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Supreme Court Decisions in the University of Michigan Affirmative Action Cases Have Important Implications for Employers, Federal Contractors, and Institutions Across the Fabric of American Life

July 2003
By Frank Scruggs and Joe Reeder, Greenberg Traurig

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The decisions by the United States Supreme Court in the cases of Gratz v. Bollinger and Grutter v. Bollinger have important implications for employers in the private and public sectors, state and local governments, universities, and institutions across the full spectrum of American life. The cases involve challenges to the constitutionality of the University of Michigan undergraduate and law school admissions programs on grounds that they amount to disguised quota systems that unlawfully discriminate against white applicants.

The military Amicus Brief "may be remembered as one of the most important Amicus Curiae Briefs ever submitted to the Supreme Court."
 - June 30, 2003 edition of American Lawyer

The core legal issue is whether achievement of a racially and ethnically diverse student body represents a compelling governmental interest that warrants race conscious admissions decisions, and whether the University of Michiganís policies are narrowly tailored to achieve such an interest.

The Supreme Court ruled that the University of Michiganís undergraduate admissions program unconstitutionally discriminated against applicant Jennifer Gratz, but upheld the law school program against the challenge to its constitutionality by applicant Barbara Grutter. The court expressed agreement with the principle enunciated in the pivotal opinion of Justice Louis Powell in the 1978 case, Regents of the University of California v. Bakke, that a college or university admissions program may take race into account as one of several factors in the selection of an academically talented, racially diverse student body. By a five to four margin, the Justices upheld the law school admissions program and by a six to three margin invalidated the undergraduate admissions program. The separate opinions of the court extensively describe the Justicesí assessments of how the University of Michigan admissions programs actually operate.

As expected, the amici curiae briefs of former military officers and major corporations prominently figured into the Supreme Courtís evaluation of the permissibility and importance of achieving racial diversity at highly selective institutions such as the University of Michigan and the military service academies. Greenberg Traurig lawyers, led by shareholder Joe Reeder, served as co-counsel to the distinguished group of former military officers.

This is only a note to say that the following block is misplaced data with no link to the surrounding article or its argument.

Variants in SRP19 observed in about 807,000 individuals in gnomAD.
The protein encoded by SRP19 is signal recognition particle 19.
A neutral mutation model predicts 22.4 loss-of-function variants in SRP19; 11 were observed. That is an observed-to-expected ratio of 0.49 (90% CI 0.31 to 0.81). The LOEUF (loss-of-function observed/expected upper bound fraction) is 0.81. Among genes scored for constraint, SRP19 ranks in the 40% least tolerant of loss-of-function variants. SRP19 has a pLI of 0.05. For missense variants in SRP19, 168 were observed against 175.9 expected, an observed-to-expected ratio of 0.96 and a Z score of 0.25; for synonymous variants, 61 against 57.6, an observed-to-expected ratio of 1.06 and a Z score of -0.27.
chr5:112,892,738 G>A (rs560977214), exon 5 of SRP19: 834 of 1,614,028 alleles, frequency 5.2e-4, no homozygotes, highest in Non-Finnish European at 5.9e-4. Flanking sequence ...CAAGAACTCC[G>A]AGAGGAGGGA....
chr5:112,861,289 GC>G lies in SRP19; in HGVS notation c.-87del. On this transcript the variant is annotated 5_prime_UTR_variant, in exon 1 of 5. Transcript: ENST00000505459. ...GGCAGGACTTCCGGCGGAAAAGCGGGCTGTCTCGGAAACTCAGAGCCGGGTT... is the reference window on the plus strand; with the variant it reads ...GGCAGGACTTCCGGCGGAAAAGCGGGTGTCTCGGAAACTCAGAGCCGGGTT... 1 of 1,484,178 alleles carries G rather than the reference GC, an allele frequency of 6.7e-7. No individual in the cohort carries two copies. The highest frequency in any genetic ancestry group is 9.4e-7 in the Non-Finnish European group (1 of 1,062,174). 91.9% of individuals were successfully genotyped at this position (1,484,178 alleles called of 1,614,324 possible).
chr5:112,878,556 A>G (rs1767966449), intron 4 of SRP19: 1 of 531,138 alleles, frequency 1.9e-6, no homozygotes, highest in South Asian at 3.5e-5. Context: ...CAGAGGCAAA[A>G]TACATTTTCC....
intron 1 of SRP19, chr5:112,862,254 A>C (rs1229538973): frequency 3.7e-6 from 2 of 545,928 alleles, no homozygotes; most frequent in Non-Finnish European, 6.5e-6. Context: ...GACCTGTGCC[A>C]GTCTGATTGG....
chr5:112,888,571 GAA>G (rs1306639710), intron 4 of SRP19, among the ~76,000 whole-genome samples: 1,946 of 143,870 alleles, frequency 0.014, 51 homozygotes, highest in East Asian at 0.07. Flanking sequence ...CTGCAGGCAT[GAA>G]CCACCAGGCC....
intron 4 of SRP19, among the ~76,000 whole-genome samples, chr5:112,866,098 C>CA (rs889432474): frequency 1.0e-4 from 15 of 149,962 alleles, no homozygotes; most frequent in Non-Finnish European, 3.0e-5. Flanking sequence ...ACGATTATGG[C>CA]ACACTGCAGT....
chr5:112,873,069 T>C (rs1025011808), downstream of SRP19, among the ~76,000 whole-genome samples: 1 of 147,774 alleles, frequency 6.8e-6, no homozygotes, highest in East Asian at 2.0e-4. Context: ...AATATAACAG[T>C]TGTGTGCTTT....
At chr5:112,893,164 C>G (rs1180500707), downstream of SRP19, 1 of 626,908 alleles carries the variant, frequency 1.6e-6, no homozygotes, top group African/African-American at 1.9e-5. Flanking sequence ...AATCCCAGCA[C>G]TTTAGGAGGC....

Joe Reeder
Joe Reeder

The Court quoted that brief in noting that "the military cannot achieve an officer corps that is both highly qualified and racially diverse unless the service academies and the ROTC used limited race-conscious recruiting and admissions policies." The others on that brief included Reeder, General Wesley Clark (former Supreme Allied Commander in Europe and lately CNN commentator on the war in Iraq); Admiral William J. Crowe (11th Chairman of the Joint Chiefs of Staff); General Norman Schwartzkopf (Commander of Allied Forces during the Persian Gulf War); and other prominent generals, admirals, and service academic superintendents, defense secretaries, and U.S. Senators.

The importance of the case to the corporate community has been evident for many months. Sixty five major corporations having annual revenues that exceed a trillion dollars filed a friend of the court brief "to add their collective voice in support of the importance of racial, ethnic and other diversity in our leading institutions of higher education." Additionally, General Motors Corporation filed a brief asserting that selective colleges and universities provide a traditional pathway to corporate leadership and "offer a large percentage of white students their first and last opportunity," prior to entering the world of work, to shed racial stereotypes and prejudices. The Supreme Court quotes those briefs in explaining the rationale of its decision.

The decisions may not discourage other challenges to the legality of race conscious decisions outside of academe. The Court explained that the precepts of academic freedom led it to defer to the rationale espoused by the University of Michigan to justify its law school admissions policies. In American life during the twenty five years since the Bakke decision, diversity policies have become commonplace in a wide array of settings. Taken together, these decisions accentuate the need for employers in the public and private sectors, government contractors, colleges, and universities to determine whether their initiatives to improve opportunities for minorities comport with principles established by the Supreme Court.

Some organizations now may forebear from adopting race conscious initiatives because of concerns that they will not succeed in narrowly tailoring policies that can withstand strict scrutiny. Others that remain committed to their programs will use these decisions carefully to assess potential liabilities and to refine their policies. Indeed, all decision makers who seek to recruit, hire, retain, and to advance minorities will want to evaluate their policies in light of the Supreme Courtís decision in the Michigan cases.


© 2003 Greenberg Traurig

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This GT ALERT is issued for general purposes only and is not intended to be construed or used as legal advice. Greenberg Traurig attorneys provide practical, result-oriented strategies and solutions tailored to meet our clientsí individual legal needs. The Firmís responsive approach to client service often cuts across legal subject matter, applying the right experience and resources to provide cost-effective solutions.